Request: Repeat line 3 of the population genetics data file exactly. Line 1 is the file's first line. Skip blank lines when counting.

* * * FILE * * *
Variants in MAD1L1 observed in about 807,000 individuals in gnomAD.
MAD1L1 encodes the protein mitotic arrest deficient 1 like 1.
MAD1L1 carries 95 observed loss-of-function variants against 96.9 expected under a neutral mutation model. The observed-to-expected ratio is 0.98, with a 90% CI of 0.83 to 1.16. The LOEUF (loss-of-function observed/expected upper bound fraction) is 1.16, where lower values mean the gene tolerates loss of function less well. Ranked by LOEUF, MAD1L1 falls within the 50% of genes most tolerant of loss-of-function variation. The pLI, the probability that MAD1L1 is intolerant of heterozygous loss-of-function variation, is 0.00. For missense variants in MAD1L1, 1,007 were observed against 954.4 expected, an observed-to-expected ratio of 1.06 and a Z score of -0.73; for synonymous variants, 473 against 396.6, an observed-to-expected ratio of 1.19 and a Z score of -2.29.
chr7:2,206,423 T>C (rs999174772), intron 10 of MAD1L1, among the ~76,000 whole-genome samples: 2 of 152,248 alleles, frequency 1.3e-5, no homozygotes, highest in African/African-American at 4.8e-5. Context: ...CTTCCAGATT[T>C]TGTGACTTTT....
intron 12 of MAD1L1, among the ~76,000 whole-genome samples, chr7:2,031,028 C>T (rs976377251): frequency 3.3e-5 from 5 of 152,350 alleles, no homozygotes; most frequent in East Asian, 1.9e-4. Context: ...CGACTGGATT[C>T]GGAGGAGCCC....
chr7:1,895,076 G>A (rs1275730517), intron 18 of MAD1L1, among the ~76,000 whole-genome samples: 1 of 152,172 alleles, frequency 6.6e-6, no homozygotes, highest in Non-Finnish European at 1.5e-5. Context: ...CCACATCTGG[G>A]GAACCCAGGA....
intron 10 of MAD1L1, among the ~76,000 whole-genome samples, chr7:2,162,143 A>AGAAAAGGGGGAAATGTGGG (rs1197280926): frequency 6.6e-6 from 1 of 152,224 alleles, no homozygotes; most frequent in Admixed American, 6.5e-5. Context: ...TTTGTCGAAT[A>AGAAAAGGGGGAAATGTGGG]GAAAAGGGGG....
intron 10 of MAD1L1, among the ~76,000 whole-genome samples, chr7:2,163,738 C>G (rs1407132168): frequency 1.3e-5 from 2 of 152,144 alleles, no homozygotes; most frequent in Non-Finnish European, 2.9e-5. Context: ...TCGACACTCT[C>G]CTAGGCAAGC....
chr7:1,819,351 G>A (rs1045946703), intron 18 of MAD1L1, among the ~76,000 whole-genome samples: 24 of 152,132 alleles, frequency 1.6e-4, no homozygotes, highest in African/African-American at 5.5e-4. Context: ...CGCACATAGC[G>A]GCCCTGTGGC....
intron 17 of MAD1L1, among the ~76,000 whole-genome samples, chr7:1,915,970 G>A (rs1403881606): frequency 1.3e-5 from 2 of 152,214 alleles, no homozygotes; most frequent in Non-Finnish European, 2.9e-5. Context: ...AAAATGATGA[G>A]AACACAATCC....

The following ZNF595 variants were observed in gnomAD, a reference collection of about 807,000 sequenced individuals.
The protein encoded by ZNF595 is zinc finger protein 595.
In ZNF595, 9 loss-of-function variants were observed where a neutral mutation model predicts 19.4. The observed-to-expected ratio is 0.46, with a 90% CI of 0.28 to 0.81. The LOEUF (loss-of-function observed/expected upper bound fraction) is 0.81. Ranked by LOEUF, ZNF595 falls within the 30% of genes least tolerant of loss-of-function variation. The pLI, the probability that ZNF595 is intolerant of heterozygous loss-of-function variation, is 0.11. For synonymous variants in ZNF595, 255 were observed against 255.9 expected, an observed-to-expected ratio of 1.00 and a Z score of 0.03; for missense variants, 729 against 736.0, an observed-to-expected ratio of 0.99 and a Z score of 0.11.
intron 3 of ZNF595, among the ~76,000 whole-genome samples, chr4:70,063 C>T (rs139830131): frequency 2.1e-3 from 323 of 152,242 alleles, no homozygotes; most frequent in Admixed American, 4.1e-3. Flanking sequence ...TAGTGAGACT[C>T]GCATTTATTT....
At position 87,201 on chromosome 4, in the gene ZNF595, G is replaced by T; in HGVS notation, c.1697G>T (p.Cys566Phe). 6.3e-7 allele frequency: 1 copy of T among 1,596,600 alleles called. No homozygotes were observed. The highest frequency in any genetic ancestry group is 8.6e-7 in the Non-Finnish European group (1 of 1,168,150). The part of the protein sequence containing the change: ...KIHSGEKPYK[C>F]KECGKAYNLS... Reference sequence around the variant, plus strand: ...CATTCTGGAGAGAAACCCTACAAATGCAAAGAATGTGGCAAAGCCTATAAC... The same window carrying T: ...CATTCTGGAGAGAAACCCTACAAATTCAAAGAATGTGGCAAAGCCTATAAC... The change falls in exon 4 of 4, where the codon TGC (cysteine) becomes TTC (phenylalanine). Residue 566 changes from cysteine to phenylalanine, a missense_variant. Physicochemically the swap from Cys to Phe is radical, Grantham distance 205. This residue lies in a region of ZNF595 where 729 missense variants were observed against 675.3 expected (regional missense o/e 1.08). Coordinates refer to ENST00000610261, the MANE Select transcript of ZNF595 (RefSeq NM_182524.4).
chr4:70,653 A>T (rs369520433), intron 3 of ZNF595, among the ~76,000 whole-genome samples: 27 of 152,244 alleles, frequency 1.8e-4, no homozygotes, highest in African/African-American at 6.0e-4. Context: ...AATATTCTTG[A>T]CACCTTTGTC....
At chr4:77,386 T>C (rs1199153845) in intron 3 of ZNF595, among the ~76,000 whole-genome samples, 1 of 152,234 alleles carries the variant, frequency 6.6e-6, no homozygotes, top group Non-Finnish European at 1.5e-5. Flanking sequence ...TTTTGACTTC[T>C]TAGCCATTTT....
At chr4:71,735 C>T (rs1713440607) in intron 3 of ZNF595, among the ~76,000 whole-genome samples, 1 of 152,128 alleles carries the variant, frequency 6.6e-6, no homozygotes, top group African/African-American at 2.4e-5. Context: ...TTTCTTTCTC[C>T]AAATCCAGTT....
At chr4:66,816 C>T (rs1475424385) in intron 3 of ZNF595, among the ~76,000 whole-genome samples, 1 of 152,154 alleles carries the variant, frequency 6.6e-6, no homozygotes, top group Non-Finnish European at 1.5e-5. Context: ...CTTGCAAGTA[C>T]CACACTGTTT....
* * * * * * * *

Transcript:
MAD1L1 carries 95 observed loss-of-function variants against 96.9 expected under a neutral mutation model. The observed-to-expected ratio is 0.98, with a 90% CI of 0.83 to 1.16. The LOEUF (loss-of-function observed/expected upper bound fraction) is 1.16, where lower values mean the gene tolerates loss of function less well. Ranked by LOEUF, MAD1L1 falls within the 50% of genes most tolerant of loss-of-function variation. The pLI, the probability that MAD1L1 is intolerant of heterozygous loss-of-function variation, is 0.00. For missense variants in MAD1L1, 1,007 were observed against 954.4 expected, an observed-to-expected ratio of 1.06 and a Z score of -0.73; for synonymous variants, 473 against 396.6, an observed-to-expected ratio of 1.19 and a Z score of -2.29.